The literature contains sporadic reports of hydatidiform mole with a coexistent live foetus diagnosed antenatally by ultrasound examination. The majority of these pregnancies appear to fall in one of two distinct syndromes: 1) a “twin gestation”, in which it is theorised that one gestation develops normally with normal karyotype while the second undergoes complete molar degeneration (i.e. with 46-XX karyotype) or 2) a “partial mole”, described as conceptus with an abnormal foetus with triploid chromosomal karyotype and a single placenta with diffuse hydatidiform changes.[7]

At present there are limited data to guide the antenatal management of twin pregnancy consisting of hydatidiform mole and a coexisting foetus. If severe toxaemia or other medical complication arises, prompt termination of pregnancy may be necessary. Patients who desire to continue pregnancy after such a diagnosis must be cautioned about the potential for severe medical complication. Patients should also be advised that they are at the high risk for developing gestational trophoblastic neoplasia.

References

1 Steller MA, Genest DR, Bernstein MR, Lage JM, Goldstein DP, Berkowitz RS. Natural history of twin pregnancy with complete hydatidiform mole and coexisting fetus. Obstet Gynaecol 1994;83:35-42.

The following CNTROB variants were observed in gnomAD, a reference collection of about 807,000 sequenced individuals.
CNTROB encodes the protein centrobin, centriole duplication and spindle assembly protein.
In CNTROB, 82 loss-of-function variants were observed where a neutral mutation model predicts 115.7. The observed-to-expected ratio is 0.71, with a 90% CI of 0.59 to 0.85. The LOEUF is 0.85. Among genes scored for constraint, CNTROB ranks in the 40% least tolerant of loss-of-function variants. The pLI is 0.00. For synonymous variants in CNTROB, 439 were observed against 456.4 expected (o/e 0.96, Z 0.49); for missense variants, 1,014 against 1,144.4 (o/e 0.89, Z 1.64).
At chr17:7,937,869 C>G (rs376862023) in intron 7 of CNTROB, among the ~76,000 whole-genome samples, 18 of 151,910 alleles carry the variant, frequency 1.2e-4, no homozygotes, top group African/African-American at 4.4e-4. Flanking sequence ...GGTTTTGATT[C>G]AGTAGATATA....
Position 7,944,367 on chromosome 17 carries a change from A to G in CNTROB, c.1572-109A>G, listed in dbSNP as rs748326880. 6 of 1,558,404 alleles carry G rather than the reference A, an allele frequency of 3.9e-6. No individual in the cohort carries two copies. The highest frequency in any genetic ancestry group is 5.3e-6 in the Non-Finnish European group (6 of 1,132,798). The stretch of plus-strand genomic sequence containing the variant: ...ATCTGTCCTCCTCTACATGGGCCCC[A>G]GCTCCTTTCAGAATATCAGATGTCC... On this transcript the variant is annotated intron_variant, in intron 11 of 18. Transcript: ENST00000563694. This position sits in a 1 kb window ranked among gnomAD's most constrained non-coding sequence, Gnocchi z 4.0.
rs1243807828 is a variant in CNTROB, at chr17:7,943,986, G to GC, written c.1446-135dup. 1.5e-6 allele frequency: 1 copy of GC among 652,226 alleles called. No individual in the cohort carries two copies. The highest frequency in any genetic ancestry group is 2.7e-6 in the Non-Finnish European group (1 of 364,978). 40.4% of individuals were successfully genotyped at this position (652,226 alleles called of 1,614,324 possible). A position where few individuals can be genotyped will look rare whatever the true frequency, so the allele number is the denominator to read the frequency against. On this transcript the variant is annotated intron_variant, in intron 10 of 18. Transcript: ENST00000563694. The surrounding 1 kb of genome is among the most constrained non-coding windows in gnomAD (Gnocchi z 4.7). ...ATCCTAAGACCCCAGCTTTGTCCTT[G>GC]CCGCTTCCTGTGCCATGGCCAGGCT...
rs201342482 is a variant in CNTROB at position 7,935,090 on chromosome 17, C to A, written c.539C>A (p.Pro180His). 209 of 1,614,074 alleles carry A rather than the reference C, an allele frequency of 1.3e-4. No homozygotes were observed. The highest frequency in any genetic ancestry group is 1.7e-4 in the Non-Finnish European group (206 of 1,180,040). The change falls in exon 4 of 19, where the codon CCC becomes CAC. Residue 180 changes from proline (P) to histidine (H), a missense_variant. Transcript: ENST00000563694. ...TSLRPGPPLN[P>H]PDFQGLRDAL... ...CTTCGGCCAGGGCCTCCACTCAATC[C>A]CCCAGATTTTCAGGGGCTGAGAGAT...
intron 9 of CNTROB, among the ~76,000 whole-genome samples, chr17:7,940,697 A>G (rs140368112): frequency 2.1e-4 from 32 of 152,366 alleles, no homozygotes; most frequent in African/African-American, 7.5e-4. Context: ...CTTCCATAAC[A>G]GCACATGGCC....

2Crum CP. Female genital tract. In: Robbins Pathologic Basis of Disease. 5th ed. Philadelphia: WB Saunders Co; 1994. pp1081-1086.
3Feinberg RF, Lockwood CJ, Salafia C, Hobbins JC. Sonographic diagnosis of a pregnancy with a diffuse hydatidiform mole and coexistent 46, XX foetus: A case report. Obstet Gynecol 1988;72 (3 Pt 2):485-488.
4O’Quinn AG, Barnard DE. Gestational trophoblastic disease. In: Current Obstetric and Gynacologic Diagnosis and Treatment. 8th ed. East Norwalk: Appleton & Lange; 1994. 967-976.
5Reid MH, McGahan JP, Oi R. Sonographic evaluation of hydatidiform mole and it’s look-alike. AJR Am J Roentgenol 1983;140:307-311.
6Berkowitz RS, Goldstein DP, Bernstein MR. Evolving concepts of molar pregnancy. J Reprod Med 1991;36:40-41.
7Szulman AE, Surti U. The syndromes of hydatidiform mole. A cytogenetic and morphologic correlations. Am J Obstet Gynecol 1978;131:665-669.